The current imagery I’m playing with is that of an amorphous mounded form, which I use interchangeably as figurative and as part of the landscape. I have started to call them “pods”. I like the mark making aspect of developing this new visual language through these pods. They seem to be listening and waiting for something, a calm stillness about the forms. There is definitely a mothering aspect to the larger pods, who seem to be watchful of the smaller ones. Some of my previous soft sculptural work included stuffed, spiked shapes, so these drawn pods feel like a natural progression from 3-D to 2-D. Just like their textile cousins, these pods are tall and imposing but non-threatening. During the pandemic, I took a break from sewing. I had primarily worked with textiles for the last 10 years. The newer work I’m producing is largely 2-D paint, pen, and marker on paper and wood panel.

The pods seem to have a stitch-like feel to them, is that intentional?

Yes, I’m so glad you noticed this! The marks drawn inside of each pod is meant to reference my stitch work. I also sometimes add cobwebs dangling down from the top of scenes which are also like dangling threads.

How do you think the community can better support their artists?

There are so many wonderful local venues, arts organizations and other arts/culture opportunities available to Monmouth County artists and art lovers. If the county is able to offer more grants to artists and art lovers who are able to set up shop somewhere and contribute to community-building with activities, shows, and arts education, I’m also a big proponent of mini grants for artists, particularly artists who are parents with young children.

You can find Kate’s work at: and on Instagram @kate.eggleston

Jill Kerwick


Local weekly paper covering regional news and events gets an interview with artist Jill Kerwick. by Tara Collins AKA Twisted T

Jill Kerwick - The Forest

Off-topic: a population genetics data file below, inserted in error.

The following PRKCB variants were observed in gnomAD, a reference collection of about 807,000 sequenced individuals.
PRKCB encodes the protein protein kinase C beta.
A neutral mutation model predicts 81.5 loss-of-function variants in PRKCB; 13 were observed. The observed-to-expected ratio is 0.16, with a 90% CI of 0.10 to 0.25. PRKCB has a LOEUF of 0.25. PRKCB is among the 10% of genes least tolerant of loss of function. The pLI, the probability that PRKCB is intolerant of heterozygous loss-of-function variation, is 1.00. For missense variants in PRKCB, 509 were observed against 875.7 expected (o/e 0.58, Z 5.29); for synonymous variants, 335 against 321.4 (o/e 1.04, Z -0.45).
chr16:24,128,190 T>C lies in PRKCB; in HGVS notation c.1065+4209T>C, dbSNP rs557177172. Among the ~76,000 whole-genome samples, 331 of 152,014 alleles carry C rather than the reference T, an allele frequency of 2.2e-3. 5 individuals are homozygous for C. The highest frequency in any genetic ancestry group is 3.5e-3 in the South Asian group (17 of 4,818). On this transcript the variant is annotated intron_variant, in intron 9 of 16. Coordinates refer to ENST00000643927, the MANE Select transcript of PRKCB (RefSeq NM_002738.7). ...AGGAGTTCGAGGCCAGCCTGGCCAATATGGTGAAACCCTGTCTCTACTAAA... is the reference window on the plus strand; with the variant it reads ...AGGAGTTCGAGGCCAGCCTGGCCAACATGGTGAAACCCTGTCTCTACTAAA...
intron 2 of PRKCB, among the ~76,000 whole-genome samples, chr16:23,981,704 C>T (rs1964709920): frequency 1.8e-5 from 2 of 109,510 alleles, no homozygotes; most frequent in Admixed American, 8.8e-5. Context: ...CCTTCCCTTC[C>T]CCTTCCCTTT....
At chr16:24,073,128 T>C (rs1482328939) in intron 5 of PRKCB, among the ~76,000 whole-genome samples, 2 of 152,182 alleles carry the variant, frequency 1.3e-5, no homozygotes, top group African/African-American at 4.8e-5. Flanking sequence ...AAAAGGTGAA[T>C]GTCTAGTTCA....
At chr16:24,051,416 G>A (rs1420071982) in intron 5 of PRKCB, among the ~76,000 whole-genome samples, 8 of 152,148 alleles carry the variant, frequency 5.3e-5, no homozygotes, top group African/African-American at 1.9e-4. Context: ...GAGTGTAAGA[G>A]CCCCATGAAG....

One of my favorite things about art is discovering an artist that does something so incredibly unique and hearing the story of How and Why they do what they do. What motivates some artists only paint found animal bones? Or another who obsessively paints numbers? While others create art sculptures made out of pennies or rice or prescription pills?. So, when I came across Jill Kerwick and her photo collages of dolls in wholesome country scenes with live rabbits and chickens staged in front of serene landscape paintings, I wanted to know more.

What brought you to create the art that you make?

I like that you mention “wholesome”, I was inspired by old Doris Day films. Doris Day was the epitome of wholesomeness. She was an animal welfare activist and an animal lover. Living on a farm, I decided to create my first photo collage using my own animals in a piece called, “Doris’s Home”.

Where do you get the dolls and the paintings?

I found these 1960’s lady head vases while antiquing with my sister, I knew there was potential to do something with them, but it took a few years of them lounging in my studio to finally figure out a role for them. The paintings are mine, my late father’s and thrift shop finds. I photograph these mini stages and use photoshop to insert images of my body into the composition. The animals are my pets from my Red Bank farm. Much of the work was made and photographed in my bunny hutch. The scale of the rabbits, chickens, goats and cats works well with the lady heads.

When you are working, what do you listen to when you create? Any particular music or podcasts?

In my studio, silence is good most of the time. I do listen to Fresh Air and Talk Art podcasts, MasterClass and SkillShare. When organizing my studio, I listen to JJ Cale and funk music.

What inspires you?

I used to go to Chelsea and the Met a lot. For now, it’s Instagram and YouTube. I go to museums wherever I am, there are so many great small museums, the Clark Art Institute in Massachusetts and The Barnes Foundation in Philly are two favorites of mine. During quarantine and this nasty global pandemic, artists have been doing quite well because they are used to working alone, they are comfortable having to be flexible and are easier to adapt to changing things up or doing things a different way. Artists now had the time to create more and try different mediums and different materials that they didn’t have the time for before.

How did the quarantine/Covid-19 affect you as an artist?

During quarantine, I actually made more work, I did something new and made mini movies about my pandemic fears and posted them on Instagram and YouTube. One video called, “How to Deal with Life Now”, is an adorable storybook puppet-show style video created with doll heads, live animals, farm animal toys with narration and scene titles.

You can find Jill’s art at:
@jillkerwick on Instagram
Jill Kerwick on YouTube,
The Artist Registry at White Column, NY
Beauregard Gallery in Rumson.